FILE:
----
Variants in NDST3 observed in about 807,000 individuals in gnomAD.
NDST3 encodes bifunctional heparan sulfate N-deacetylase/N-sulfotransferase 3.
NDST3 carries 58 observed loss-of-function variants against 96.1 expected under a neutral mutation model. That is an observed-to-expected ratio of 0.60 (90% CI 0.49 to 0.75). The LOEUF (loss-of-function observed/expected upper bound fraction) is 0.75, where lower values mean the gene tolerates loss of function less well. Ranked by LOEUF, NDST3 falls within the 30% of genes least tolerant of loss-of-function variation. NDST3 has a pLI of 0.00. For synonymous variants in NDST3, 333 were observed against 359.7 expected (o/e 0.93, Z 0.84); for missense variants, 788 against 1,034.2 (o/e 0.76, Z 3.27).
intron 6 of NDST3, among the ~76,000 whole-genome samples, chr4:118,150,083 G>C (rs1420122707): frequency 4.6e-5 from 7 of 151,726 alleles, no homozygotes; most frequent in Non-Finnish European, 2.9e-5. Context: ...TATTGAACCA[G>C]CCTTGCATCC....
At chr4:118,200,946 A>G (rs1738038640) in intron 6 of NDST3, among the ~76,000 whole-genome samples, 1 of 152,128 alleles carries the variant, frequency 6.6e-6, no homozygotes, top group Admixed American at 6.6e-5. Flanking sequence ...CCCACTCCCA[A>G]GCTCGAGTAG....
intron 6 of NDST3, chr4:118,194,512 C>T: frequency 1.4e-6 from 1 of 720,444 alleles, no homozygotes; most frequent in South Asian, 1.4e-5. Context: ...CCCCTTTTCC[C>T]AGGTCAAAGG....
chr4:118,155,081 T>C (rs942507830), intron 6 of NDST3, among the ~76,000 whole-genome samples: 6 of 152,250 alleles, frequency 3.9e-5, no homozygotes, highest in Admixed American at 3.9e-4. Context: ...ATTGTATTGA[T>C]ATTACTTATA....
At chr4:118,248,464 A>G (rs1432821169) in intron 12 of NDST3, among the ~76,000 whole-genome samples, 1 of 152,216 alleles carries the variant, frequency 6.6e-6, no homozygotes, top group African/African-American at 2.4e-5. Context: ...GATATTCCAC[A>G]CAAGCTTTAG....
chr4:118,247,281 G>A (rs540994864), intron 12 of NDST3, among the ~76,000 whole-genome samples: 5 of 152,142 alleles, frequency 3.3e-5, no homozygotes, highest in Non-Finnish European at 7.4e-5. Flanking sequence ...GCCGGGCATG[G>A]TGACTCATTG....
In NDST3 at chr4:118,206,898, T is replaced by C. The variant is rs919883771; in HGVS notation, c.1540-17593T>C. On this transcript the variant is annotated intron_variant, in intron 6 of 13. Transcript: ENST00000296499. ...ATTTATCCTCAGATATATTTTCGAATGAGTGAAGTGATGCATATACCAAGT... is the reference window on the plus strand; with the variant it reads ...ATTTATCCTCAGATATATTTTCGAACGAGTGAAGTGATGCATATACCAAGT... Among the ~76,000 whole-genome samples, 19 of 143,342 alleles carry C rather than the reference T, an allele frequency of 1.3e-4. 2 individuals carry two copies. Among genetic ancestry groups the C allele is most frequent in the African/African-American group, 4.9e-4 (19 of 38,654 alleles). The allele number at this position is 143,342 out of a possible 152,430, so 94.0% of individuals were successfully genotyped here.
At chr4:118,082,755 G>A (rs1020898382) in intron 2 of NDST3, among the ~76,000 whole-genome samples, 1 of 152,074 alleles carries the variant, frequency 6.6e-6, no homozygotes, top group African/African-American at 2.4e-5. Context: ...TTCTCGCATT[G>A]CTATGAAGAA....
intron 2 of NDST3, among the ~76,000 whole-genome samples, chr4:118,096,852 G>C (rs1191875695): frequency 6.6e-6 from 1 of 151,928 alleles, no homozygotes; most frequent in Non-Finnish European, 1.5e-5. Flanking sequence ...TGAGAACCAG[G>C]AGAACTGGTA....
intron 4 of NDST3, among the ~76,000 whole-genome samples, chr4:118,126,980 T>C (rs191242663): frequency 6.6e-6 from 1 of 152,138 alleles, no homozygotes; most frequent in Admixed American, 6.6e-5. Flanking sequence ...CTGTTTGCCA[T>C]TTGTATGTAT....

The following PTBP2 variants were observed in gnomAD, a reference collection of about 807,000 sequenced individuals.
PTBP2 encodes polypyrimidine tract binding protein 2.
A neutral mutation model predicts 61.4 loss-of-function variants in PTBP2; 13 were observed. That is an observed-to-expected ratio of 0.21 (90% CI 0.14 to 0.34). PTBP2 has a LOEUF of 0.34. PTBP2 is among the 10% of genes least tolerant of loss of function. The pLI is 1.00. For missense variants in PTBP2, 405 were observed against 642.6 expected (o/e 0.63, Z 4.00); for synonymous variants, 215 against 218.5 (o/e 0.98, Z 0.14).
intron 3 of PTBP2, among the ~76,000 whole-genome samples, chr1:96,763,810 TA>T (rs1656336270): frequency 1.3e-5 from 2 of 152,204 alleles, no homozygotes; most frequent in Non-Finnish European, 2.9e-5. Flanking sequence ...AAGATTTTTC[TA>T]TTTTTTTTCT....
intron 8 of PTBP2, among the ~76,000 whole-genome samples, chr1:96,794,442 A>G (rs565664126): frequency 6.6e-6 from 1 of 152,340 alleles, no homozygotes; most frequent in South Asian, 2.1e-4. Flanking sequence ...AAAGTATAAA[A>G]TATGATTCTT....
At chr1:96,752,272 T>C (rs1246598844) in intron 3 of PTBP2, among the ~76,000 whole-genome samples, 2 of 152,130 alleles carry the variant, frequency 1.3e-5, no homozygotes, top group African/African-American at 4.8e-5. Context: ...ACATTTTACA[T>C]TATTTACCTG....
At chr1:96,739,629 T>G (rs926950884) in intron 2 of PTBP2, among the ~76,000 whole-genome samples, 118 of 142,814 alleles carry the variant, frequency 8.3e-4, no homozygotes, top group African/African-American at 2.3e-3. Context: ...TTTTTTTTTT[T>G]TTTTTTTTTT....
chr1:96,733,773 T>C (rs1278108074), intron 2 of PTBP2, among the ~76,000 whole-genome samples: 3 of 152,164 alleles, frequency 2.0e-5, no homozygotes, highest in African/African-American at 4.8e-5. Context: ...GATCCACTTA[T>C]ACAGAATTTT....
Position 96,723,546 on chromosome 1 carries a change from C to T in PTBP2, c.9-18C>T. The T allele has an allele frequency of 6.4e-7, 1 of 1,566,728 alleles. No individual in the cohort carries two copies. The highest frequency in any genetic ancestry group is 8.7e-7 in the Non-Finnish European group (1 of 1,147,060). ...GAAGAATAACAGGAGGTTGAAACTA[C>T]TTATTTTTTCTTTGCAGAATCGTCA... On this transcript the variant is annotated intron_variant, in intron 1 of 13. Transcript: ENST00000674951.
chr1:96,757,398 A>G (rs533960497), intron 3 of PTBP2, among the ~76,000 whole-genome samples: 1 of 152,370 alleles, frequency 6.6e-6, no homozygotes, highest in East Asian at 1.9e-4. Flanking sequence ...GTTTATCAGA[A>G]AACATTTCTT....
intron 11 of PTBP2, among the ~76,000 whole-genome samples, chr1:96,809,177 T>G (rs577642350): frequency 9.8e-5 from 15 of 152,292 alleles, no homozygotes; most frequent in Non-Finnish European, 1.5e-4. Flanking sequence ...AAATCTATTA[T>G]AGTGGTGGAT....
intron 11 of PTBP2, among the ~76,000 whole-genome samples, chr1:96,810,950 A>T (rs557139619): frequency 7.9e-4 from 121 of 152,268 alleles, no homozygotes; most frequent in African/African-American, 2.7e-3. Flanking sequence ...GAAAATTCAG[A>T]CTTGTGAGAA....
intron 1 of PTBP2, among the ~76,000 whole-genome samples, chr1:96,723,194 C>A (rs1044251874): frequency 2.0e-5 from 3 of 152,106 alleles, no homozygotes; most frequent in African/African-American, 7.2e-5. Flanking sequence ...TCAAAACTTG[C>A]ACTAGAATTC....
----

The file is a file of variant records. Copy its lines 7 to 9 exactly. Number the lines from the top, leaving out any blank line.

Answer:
chr4:118,155,081 T>C (rs942507830), intron 6 of NDST3, among the ~76,000 whole-genome samples: 6 of 152,250 alleles, frequency 3.9e-5, no homozygotes, highest in Admixed American at 3.9e-4. Context: ...ATTGTATTGA[T>C]ATTACTTATA....
At chr4:118,248,464 A>G (rs1432821169) in intron 12 of NDST3, among the ~76,000 whole-genome samples, 1 of 152,216 alleles carries the variant, frequency 6.6e-6, no homozygotes, top group African/African-American at 2.4e-5. Context: ...GATATTCCAC[A>G]CAAGCTTTAG....
chr4:118,247,281 G>A (rs540994864), intron 12 of NDST3, among the ~76,000 whole-genome samples: 5 of 152,142 alleles, frequency 3.3e-5, no homozygotes, highest in Non-Finnish European at 7.4e-5. Flanking sequence ...GCCGGGCATG[G>A]TGACTCATTG....